I’m starting to feel like a stranger to my own language here. I feel like responding, “Yes you cats, dig this crazy unicycling - it’s where it’s at, it’s the most on the coast, it’s the mostest,” but I guess they’d just look at me gone out.
On one section, I hear glass breaking somewhere in the forest. Is it a bottle, or a car window? There is nowhere to park legally nearby, but I’m not far from the notorious “Desert” where kids regularly burn out stolen cars. On my way back along this section, I smell burning rubber, and soon I see the distinctive plume of smoke from a torched car. I guess it’s the heat melting the insulation on the wiring that makes the horn start to sound mournfully. Are these the western values we’re fighting to defend? A total lack of respect for property and for the environment - or for the responsibility of bringing up the next generation? Or, to put it another way, give me an amnesty and one bullet a day, and I could make the world a better place.
Later, I find a lovely section of single track that winds up hill through a section of pine forest. Most of it is rideable - possibly all of it, section by section - but it’s at the limit of what I can achieve on this wheel and cranks. It’s really elegant riding, with the tyre almost silent on the carpet of pine needles.
Where the Coker just blasts through or over small obstacles, and the MUni plods and gets there, the 28 has to be guided, steered, nursed. I have to read the trail further ahead, treat it as a maze of obstacles. If I go left to avoid that sand trap, I’ll be badly lined up for that next rise; if I slow down for that steep sided dip, I’ll have no momentum for the next hump. I think it’s making me a better rider.
Soon, I arrive at the surprise café - it’s always a surprise to find it, because in the forest, everywhere looks almost the same, but none of it looks exactly the same as it did last time. I stop for coffee and a Snickers, and watch the bicyclists arriving and doing double takes when they see the uni in the bicycle rack. There are about 7 kids at the next table, and one of them goes over to the unicycle to look at it, but seems reluctant to approach it closely. He turns to his friends, half joking, half embarrassed and says, “It’s red.” I can’t say he’s wrong, either!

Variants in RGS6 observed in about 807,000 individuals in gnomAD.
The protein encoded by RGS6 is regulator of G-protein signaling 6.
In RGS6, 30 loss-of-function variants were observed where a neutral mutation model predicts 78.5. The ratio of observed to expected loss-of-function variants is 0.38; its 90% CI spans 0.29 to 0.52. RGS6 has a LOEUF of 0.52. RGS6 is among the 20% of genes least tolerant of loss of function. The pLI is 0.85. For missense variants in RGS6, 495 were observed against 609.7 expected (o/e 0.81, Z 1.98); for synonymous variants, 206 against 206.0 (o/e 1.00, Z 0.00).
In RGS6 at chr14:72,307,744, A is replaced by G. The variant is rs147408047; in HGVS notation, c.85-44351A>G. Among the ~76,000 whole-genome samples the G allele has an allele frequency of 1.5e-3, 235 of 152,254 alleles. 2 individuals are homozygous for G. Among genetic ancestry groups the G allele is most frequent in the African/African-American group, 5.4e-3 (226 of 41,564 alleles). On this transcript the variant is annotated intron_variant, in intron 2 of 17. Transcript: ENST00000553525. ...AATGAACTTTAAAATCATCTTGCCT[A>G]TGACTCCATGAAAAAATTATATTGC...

From here, I decide to head back to the car by the shortest way. In some ways I’ve been a little disappointed by the ride. The actual riding has been a rewarding technical challenge, but the best bits of the forest are inaccessible on this set up. The MUni is definitely the best because it lets me get right in among the trees, and it doesn’t stall in the dry sand. I’ve been too close to the general public, not seen much wildlife (a few pigeons and a squirrel) and I’ve had too many UPDs. Nothing serious, but it’s irritating, because they break the rhythm of the ride.
On the long straight trail back to the car, I come up behind two horses. One of them hears me approach, and turns, skittering to one side. The rider struggles to control it. I dismount and wait. She controls the horse (Dobbin of Sherwood?) and pulls over to the side of the trail. I ride past carefully, keeping as big a distance as I can.
And all too soon I arrive at the car. Something looks strange about the reflection in the door glass. Wait, I’ll work it out… yes, that’s it… there isn’t one! How can this be? Some latter day Robin Hood has smashed the door glass, broken into the car and stolen… er… nothing at all. So that’s a £60 policy excess to pay, and a couple of hours wasted later that afternoon waiting for the glass company to arrive and fit it. Still, I can see the funny side.
Do you know how humiliating it is when a thief doesn’t steal your CDs?